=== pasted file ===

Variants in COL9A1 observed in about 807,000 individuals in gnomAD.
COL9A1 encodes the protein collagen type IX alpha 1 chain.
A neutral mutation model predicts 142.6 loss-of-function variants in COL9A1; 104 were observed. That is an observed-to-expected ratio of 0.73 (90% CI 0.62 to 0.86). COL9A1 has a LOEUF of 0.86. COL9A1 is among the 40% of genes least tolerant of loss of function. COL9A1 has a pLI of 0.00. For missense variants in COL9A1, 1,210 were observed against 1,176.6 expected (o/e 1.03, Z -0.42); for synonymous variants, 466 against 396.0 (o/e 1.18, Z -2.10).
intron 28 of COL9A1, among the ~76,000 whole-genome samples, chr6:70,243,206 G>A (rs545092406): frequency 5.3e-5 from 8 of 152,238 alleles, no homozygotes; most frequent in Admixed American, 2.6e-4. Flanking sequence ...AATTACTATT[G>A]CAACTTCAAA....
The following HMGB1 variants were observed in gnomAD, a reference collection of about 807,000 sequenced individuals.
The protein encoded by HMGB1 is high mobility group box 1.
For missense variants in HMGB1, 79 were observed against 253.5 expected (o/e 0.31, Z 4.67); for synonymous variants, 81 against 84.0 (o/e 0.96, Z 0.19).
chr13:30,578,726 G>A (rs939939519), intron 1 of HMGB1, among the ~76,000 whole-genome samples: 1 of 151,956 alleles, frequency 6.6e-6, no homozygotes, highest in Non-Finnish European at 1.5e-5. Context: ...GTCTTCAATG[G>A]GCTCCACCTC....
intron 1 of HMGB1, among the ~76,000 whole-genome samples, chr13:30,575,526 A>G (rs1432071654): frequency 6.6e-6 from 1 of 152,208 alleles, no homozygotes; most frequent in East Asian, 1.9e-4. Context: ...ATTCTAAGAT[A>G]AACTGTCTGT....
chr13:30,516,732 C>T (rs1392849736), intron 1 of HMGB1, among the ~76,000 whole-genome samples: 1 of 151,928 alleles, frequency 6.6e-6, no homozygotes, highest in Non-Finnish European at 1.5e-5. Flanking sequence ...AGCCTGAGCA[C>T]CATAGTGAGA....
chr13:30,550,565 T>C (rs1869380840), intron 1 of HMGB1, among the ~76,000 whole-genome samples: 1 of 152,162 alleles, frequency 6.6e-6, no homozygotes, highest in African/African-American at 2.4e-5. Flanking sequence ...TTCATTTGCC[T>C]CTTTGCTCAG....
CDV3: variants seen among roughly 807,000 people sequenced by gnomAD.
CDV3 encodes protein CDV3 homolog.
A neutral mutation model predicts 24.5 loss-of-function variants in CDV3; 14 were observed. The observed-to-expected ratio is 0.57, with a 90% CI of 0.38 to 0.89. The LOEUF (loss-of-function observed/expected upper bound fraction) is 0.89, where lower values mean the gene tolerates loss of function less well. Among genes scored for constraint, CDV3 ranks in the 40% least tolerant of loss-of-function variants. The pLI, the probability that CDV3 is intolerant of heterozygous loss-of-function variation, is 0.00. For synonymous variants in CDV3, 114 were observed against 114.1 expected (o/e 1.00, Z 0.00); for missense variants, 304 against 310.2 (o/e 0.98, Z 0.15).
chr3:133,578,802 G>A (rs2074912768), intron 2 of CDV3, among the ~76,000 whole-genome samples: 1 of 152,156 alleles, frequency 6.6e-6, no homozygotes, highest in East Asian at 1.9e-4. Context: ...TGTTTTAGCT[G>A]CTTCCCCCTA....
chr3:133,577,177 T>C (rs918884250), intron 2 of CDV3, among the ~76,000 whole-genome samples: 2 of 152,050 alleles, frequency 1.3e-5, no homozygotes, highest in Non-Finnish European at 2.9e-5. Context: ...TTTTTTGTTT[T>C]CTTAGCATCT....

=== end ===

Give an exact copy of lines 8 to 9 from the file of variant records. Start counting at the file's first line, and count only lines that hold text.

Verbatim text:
chr13:30,578,726 G>A (rs939939519), intron 1 of HMGB1, among the ~76,000 whole-genome samples: 1 of 151,956 alleles, frequency 6.6e-6, no homozygotes, highest in Non-Finnish European at 1.5e-5. Context: ...GTCTTCAATG[G>A]GCTCCACCTC....
intron 1 of HMGB1, among the ~76,000 whole-genome samples, chr13:30,575,526 A>G (rs1432071654): frequency 6.6e-6 from 1 of 152,208 alleles, no homozygotes; most frequent in East Asian, 1.9e-4. Context: ...ATTCTAAGAT[A>G]AACTGTCTGT....